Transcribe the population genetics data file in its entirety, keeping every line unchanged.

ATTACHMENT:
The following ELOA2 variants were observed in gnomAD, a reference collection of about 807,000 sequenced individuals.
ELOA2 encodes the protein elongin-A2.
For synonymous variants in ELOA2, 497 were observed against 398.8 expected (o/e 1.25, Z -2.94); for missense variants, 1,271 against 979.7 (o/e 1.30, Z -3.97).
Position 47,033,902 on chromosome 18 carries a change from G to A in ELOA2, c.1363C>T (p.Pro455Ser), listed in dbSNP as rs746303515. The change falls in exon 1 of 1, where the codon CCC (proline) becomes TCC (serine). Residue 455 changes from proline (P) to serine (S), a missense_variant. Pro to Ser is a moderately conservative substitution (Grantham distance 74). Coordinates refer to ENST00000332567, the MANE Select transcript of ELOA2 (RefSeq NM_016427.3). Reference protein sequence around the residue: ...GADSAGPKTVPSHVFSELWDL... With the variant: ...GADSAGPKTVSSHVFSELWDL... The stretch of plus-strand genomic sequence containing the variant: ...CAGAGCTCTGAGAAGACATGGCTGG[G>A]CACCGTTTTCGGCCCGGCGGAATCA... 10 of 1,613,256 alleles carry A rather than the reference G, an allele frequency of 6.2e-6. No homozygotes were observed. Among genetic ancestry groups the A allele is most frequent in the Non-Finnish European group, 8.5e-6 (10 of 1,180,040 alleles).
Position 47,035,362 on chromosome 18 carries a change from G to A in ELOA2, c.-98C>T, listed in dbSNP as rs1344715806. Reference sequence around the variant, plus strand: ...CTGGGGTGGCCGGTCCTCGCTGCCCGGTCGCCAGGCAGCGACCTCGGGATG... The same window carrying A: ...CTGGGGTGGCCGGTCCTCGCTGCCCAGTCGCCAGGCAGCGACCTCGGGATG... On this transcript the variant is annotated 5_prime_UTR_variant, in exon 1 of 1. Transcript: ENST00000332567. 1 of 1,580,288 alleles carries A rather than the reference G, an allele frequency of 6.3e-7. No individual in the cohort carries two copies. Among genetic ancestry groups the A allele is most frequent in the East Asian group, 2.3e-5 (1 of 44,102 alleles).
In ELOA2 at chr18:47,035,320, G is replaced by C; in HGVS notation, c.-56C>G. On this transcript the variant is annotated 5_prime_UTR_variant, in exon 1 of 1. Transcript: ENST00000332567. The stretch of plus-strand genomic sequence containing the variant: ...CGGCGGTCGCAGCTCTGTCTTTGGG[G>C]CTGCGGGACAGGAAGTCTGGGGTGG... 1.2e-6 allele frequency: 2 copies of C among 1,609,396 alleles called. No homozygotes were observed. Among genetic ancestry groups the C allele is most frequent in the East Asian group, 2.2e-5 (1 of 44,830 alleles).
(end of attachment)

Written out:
The following ELOA2 variants were observed in gnomAD, a reference collection of about 807,000 sequenced individuals.
ELOA2 encodes the protein elongin-A2.
For synonymous variants in ELOA2, 497 were observed against 398.8 expected (o/e 1.25, Z -2.94); for missense variants, 1,271 against 979.7 (o/e 1.30, Z -3.97).
Position 47,033,902 on chromosome 18 carries a change from G to A in ELOA2, c.1363C>T (p.Pro455Ser), listed in dbSNP as rs746303515. The change falls in exon 1 of 1, where the codon CCC (proline) becomes TCC (serine). Residue 455 changes from proline (P) to serine (S), a missense_variant. Pro to Ser is a moderately conservative substitution (Grantham distance 74). Coordinates refer to ENST00000332567, the MANE Select transcript of ELOA2 (RefSeq NM_016427.3). Reference protein sequence around the residue: ...GADSAGPKTVPSHVFSELWDL... With the variant: ...GADSAGPKTVSSHVFSELWDL... The stretch of plus-strand genomic sequence containing the variant: ...CAGAGCTCTGAGAAGACATGGCTGG[G>A]CACCGTTTTCGGCCCGGCGGAATCA... 10 of 1,613,256 alleles carry A rather than the reference G, an allele frequency of 6.2e-6. No homozygotes were observed. Among genetic ancestry groups the A allele is most frequent in the Non-Finnish European group, 8.5e-6 (10 of 1,180,040 alleles).
Position 47,035,362 on chromosome 18 carries a change from G to A in ELOA2, c.-98C>T, listed in dbSNP as rs1344715806. Reference sequence around the variant, plus strand: ...CTGGGGTGGCCGGTCCTCGCTGCCCGGTCGCCAGGCAGCGACCTCGGGATG... The same window carrying A: ...CTGGGGTGGCCGGTCCTCGCTGCCCAGTCGCCAGGCAGCGACCTCGGGATG... On this transcript the variant is annotated 5_prime_UTR_variant, in exon 1 of 1. Transcript: ENST00000332567. 1 of 1,580,288 alleles carries A rather than the reference G, an allele frequency of 6.3e-7. No individual in the cohort carries two copies. Among genetic ancestry groups the A allele is most frequent in the East Asian group, 2.3e-5 (1 of 44,102 alleles).
In ELOA2 at chr18:47,035,320, G is replaced by C; in HGVS notation, c.-56C>G. On this transcript the variant is annotated 5_prime_UTR_variant, in exon 1 of 1. Transcript: ENST00000332567. The stretch of plus-strand genomic sequence containing the variant: ...CGGCGGTCGCAGCTCTGTCTTTGGG[G>C]CTGCGGGACAGGAAGTCTGGGGTGG... 1.2e-6 allele frequency: 2 copies of C among 1,609,396 alleles called. No homozygotes were observed. Among genetic ancestry groups the C allele is most frequent in the East Asian group, 2.2e-5 (1 of 44,830 alleles).